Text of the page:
Words By: Chelsea Stewart
In 1814, Francis Scott Key wrote the poem, Defense of Fort McHenry and it was later renamed The Star Spangled Banner. The hymn, which describes America as “the land of the free and home of the brave,” was declared the United States’ National Anthem in 1931. But today, in a world of racism, oppression and police injustice, some are refusing to support our nation’s song any further.
During pre-season games, San Francisco 49ers quarterback, Colin Kaepernick took a stance against social injustice and kneeled during the National Anthem rather than standing on live television.
In an interview after his first game protesting the anthem, Kaepernick said, “I am not going to stand up to show pride in a flag for a country that oppresses black people and people of color. To me, this is bigger than football and it would be selfish on my part to look the other way. There are bodies in the street and people getting paid leave and getting away with murder.”
During the start of seasonal games, 49ers safety Eric Reid also knelt during the anthem. Antoine Bethea and Eli Harold, who also play for the 49ers, raised their fists in support.
On the opposing team, Kenny Britt and Robert Quinn of the Los Angeles Rams raised their fists during the performance. Britt was also one of five Rams players to raise their hands in “don’t shoot” poses after the 2014 Missouri riots, which were the result of an unarmed black teenager being shot by a white police officer.
Many outside of the sports world are in lieu of Kaepernick’s leadership also. President Obama endorsed his decision as a “constitutional right to make a decision.” A navy sailor who publicly supported Kaepernick might face disciplinary action. The NFL star has even influenced high school players to take a stance. It’s no longer just a football thing.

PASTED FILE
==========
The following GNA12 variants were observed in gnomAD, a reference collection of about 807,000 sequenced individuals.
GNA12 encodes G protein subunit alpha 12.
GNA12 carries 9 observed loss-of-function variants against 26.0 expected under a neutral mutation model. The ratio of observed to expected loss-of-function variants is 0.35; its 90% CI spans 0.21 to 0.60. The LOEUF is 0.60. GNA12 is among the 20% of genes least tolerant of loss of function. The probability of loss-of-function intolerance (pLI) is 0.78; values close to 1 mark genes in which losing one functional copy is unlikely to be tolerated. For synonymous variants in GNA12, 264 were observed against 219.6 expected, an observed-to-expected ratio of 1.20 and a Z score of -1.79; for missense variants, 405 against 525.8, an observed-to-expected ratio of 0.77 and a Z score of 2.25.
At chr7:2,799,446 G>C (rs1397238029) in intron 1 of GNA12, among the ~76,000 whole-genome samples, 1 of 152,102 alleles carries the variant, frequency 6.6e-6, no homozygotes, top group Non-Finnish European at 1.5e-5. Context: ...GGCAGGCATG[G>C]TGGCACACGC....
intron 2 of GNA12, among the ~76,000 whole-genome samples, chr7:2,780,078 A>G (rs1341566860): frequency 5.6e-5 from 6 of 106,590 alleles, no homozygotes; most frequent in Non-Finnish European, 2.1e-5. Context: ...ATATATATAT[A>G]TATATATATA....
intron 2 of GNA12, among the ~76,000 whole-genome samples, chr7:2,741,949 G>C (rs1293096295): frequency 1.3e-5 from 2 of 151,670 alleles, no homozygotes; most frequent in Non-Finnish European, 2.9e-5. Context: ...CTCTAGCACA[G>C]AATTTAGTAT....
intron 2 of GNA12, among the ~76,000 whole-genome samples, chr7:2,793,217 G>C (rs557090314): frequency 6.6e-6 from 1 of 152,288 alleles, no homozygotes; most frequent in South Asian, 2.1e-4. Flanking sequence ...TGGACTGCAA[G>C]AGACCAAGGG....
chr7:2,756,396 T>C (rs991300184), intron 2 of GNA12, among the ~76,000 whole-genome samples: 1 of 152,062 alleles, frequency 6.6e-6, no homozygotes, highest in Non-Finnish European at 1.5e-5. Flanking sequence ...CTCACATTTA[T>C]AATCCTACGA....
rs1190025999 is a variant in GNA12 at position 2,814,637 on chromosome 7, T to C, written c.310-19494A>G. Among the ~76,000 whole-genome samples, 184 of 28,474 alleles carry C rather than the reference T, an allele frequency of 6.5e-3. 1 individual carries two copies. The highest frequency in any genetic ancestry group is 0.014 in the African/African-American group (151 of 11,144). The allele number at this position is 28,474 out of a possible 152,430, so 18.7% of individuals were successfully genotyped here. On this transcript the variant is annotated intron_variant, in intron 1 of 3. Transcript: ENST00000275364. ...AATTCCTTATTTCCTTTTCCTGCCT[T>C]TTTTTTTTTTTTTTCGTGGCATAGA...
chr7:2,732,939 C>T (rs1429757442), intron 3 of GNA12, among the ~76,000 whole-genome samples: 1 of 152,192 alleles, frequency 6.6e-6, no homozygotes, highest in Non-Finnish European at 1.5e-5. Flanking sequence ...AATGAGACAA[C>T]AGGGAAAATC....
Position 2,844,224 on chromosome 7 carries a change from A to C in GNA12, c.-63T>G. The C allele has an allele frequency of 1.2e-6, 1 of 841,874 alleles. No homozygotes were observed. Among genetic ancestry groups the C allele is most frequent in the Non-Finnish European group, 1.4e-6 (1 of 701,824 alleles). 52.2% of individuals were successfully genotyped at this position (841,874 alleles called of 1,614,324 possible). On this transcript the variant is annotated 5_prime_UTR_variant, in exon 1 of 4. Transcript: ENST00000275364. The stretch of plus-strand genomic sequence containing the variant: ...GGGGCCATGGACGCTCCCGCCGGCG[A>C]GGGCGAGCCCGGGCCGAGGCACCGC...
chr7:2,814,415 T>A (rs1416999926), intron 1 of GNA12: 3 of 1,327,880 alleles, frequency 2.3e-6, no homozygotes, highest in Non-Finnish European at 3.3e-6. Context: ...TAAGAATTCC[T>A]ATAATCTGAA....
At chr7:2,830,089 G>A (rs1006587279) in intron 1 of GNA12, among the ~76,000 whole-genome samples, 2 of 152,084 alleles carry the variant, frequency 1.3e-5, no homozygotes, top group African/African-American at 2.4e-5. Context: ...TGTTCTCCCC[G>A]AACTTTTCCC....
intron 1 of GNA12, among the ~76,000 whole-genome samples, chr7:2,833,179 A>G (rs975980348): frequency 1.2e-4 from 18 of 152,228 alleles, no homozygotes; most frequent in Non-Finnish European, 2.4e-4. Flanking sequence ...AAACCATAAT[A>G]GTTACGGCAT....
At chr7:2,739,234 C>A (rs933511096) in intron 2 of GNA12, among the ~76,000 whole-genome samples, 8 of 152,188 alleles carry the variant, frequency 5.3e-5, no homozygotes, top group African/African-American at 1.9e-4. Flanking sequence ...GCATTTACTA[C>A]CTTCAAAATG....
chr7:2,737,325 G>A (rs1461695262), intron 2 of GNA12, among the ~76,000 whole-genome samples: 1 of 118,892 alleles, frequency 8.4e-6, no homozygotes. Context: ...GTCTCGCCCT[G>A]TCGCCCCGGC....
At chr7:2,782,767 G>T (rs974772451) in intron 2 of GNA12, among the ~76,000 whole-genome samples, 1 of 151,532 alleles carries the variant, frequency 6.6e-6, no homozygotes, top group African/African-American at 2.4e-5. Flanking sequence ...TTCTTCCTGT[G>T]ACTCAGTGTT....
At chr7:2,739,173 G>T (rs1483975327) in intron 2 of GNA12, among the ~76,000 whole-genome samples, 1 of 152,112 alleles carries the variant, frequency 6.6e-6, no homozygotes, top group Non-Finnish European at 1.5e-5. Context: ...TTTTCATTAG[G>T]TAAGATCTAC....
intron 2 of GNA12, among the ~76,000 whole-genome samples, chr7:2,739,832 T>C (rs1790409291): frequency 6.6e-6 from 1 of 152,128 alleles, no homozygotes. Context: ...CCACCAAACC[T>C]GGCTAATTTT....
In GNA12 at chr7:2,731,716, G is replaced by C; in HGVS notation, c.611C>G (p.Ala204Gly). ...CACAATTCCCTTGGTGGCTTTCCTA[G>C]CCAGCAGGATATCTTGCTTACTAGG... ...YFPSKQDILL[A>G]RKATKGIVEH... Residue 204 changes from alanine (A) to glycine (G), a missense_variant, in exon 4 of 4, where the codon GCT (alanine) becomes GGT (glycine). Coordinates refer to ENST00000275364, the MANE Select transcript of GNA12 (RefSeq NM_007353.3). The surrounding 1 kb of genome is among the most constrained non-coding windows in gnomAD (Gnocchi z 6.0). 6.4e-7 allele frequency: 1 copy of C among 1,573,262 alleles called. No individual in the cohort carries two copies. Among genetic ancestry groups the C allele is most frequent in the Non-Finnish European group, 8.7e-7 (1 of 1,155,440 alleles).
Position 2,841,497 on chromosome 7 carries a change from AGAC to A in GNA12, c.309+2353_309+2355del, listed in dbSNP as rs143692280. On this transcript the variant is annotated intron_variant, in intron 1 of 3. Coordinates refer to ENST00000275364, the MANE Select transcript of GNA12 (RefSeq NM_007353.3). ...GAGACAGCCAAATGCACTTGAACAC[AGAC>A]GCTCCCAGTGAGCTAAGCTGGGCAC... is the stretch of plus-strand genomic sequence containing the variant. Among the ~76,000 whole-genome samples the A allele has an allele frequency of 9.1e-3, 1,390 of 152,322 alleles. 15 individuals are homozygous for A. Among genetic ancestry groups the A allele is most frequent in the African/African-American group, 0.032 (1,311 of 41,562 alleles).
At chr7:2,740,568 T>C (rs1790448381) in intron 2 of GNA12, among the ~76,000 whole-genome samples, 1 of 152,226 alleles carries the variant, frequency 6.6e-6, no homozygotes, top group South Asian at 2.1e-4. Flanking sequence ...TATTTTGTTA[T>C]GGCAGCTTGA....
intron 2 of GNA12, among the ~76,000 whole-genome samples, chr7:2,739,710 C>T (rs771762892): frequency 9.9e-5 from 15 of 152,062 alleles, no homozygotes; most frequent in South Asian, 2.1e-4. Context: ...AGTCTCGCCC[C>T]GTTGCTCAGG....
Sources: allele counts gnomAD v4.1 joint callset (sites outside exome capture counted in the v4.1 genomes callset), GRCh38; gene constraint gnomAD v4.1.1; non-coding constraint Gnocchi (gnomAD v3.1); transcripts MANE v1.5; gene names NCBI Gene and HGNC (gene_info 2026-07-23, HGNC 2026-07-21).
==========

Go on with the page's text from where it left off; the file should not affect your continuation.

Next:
“I don’t see anything wrong with the protests happening in the NFL. I embrace them. People may feel like what’s going on is dishonorable or disrespectful, but they are forgetting the true meaning behind the things in which they are pledging their allegiance. The anthem, flag, and all other patriotic symbolism protect and encourage the actions of the protesters. That’s what true democracy and freedom is all about,” says Tayler Waters, a senior Computer Science student.
Protests have angered people from all over the nation. Many have said that it is disrespectful to the military and our country. Some have even threatened boycotts.
“I feel like you should exercise your constitutional right to express yourself in the manner that you want, but at the same time I think it’s not the right place to do so,” David Scrug, a Tallahassee resident, says.
Broncos linebacker Brandon Marshall followed in Kaepernick’s footsteps only to be stripped of two endorsement deals. He was recently dropped by the Air Academy Federal Credit Union and CenturyLink. Kaepernick has yet to lose any endorsements.
If you are interested in seeing the next round of athletes to support Kaepernick, the 49ers are scheduled to play the Buffalo Bills, Sunday Oct. 16.